Blackhawks notebook: Jimmy Waite offers theory for NHL’s scoring increase

The league’s 6.4 goals-per-game average is at its highest since 1994, and its .904 save percentage is at its lowest since 2006. More tips and deflections might partly explain those trends.

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The Islanders screen a shot against Blackhawks goalie Arvid Soderblom on Sunday.

NHL teams are tipping and deflecting more shots than they used to, creating challenges for goaltenders.

Eduardo Munoz Alvarez/AP

NEWARK, N.J. — The NHL’s scoring explosion isn’t slowing down.

Entering play Tuesday, the combined goals-per-game average sat at 6.4, marking a new high-water mark since 1993-94 and continuing a steady rise in the last half-decade.

Post-lockout scoring bottomed out in 2015-16, when teams averaged a combined 5.4 goals per game. By last season, the average had risen to 6.3.

Interestingly, the NHL’s shots-per-game average — 62.8 this season — has held roughly steady since 2017-18. Instead, players simply are getting more efficient with their shots — or perhaps goaltenders are getting worse. The leaguewide save percentage is .904 this season, down from a peak of .915 in 2015-16.

So who better than Blackhawks goaltending coach Jimmy Waite to offer an explanation? He wasn’t aware of the trend beforehand, but he quickly offered a theory.

‘‘More guys are going to the net,’’ he said. ‘‘That’s the name of the game: screens [and] tips. Those are hard to defend. If you don’t see the puck, it’s hard to stop. It’s more that style of hockey now: deflections [and] rebounds. Because one-on-one, unless you’re wide-open, it’s hard to beat a goalie. So everybody understands you have to crash the net to score more.’’

Digging deeper, 7.7% of shots on goal this season have been tips or deflections (4.8 per game), up from 6% (3.5 per game) in 2015-16.

Goalies have improved slightly at stopping them — the tip-and-deflection save percentage has increased from .813 to .841 — but not enough to cancel out the additional volume. That’s something Waite works on with his Hawks pupils.

‘‘If you don’t see the puck, you have to get hit by it,’’ Waite said. ‘‘If you see a bunch of bodies on one side of the net and you don’t see the puck, then maybe you cheat toward the other side because this is what the shooter sees. Those are reads I want the goalie to make: Try to find the puck, but if you don’t see it, try to figure out where it’s going to go.’’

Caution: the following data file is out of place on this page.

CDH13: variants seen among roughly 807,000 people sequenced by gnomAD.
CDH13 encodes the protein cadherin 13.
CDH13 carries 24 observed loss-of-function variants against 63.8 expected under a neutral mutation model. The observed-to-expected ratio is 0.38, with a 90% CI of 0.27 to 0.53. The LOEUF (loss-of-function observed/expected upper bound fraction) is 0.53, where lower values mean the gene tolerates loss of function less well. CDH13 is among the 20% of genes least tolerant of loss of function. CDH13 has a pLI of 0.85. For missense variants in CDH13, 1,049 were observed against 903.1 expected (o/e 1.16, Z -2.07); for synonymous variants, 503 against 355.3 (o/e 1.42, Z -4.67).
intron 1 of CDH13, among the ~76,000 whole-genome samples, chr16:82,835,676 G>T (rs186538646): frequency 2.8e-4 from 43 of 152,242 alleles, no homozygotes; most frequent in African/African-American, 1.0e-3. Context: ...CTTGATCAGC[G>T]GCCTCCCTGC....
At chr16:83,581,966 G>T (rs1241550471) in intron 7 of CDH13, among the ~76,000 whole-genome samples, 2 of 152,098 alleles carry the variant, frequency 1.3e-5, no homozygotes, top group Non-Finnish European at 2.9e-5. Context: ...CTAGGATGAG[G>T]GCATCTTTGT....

As far as other shot types, wrist and snap shots now account for 72.1% of shots on goal, up from 66.7%; slap shots are down from 18.1% to 11.6%; backhand shots are down from 8.1% to 7.7%; and wraparounds are down from 1.1% to 0.9%.

Stauber’s whirlwind

Hawks prospect goalie Jaxson Stauber, 23, had just stopped 28 of 30 shots in Rockford’s 3-2 road victory Saturday against Hartford when IceHogs general manager Mark Bernard interrupted his postgame meal to tell him he had been called up to the NHL.

On Sunday, Stauber hitched a ride to Long Island with Bernard’s friend, arriving around 1:30 p.m. A few hours later, he sat on the Hawks’ bench, backing up Arvid Soderblom against the Islanders.

‘‘As you can imagine, it was a bit hectic,’’ Stauber said. ‘‘But once I got there, the guys and staff were great, making me feel comfortable and getting me settled in. Once you’re there, you’re in your zone [and] doing your pregame preparations, just like any other game.’’

Stauber might or might not get into a game during this stretch in which Petr Mrazek is sidelined, but his presence alone is exciting for the Hawks.

‘‘A guy here for the first time, that’s fun to see and enjoy,’’ coach Luke Richardson said. ‘‘Maybe it makes the other guys reflect on their first time. Time goes by fast, so you have to make sure you take advantage of every opportunity.’’

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